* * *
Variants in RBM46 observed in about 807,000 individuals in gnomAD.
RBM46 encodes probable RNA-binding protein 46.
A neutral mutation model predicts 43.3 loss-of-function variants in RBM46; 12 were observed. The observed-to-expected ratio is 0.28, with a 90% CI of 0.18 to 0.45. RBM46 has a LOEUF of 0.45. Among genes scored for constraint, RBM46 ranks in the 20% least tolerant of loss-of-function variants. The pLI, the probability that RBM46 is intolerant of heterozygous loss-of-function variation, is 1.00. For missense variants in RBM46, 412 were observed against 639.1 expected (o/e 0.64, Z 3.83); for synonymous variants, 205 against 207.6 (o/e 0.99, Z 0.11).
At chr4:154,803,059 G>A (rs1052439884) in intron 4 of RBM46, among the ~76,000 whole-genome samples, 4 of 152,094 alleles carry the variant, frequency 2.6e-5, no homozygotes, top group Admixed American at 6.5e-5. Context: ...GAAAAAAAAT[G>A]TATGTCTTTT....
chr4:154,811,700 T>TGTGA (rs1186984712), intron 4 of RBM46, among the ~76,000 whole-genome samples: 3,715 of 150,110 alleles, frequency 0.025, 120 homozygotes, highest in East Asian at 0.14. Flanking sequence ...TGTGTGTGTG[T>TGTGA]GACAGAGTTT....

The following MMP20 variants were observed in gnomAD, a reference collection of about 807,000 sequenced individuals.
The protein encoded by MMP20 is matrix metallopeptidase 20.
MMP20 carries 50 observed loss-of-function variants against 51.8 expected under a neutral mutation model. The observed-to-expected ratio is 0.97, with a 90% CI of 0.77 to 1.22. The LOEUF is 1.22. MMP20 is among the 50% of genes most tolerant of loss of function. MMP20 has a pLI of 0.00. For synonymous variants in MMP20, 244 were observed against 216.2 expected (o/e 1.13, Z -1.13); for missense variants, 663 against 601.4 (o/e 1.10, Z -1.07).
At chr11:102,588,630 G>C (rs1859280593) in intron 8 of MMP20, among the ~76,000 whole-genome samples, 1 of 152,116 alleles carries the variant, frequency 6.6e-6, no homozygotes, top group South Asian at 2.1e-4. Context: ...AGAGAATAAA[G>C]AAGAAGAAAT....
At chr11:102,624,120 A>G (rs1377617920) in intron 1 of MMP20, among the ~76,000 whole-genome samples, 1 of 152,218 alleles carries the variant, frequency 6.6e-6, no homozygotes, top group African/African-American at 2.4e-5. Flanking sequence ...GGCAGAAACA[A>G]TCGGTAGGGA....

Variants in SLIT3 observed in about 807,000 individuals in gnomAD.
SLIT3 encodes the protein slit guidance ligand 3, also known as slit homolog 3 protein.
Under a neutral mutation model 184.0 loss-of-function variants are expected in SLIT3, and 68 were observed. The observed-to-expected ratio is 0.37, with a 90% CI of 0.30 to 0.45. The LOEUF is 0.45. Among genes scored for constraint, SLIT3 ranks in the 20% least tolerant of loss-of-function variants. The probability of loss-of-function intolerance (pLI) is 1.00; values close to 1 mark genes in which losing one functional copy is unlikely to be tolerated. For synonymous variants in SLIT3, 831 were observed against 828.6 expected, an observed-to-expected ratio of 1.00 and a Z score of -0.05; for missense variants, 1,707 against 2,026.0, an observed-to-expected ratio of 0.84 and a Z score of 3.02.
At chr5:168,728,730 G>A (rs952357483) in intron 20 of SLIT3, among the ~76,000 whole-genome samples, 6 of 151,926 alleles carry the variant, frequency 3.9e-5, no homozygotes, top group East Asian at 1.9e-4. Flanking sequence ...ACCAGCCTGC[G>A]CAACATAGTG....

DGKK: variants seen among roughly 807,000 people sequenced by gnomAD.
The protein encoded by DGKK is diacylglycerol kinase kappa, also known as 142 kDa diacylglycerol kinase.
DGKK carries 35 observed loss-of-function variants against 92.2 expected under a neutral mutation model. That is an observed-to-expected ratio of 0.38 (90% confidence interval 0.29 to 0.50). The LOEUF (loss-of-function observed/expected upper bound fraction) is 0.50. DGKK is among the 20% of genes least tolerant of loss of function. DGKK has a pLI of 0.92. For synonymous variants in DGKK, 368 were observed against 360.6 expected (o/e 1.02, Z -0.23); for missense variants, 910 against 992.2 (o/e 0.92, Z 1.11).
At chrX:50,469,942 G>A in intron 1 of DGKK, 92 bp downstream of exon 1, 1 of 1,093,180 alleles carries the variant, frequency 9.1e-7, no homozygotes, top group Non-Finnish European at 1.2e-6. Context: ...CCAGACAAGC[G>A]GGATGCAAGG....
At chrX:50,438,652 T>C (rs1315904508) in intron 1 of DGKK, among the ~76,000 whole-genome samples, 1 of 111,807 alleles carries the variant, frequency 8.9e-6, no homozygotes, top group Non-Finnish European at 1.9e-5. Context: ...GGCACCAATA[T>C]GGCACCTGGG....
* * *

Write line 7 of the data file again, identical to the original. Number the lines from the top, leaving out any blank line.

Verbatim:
The protein encoded by MMP20 is matrix metallopeptidase 20.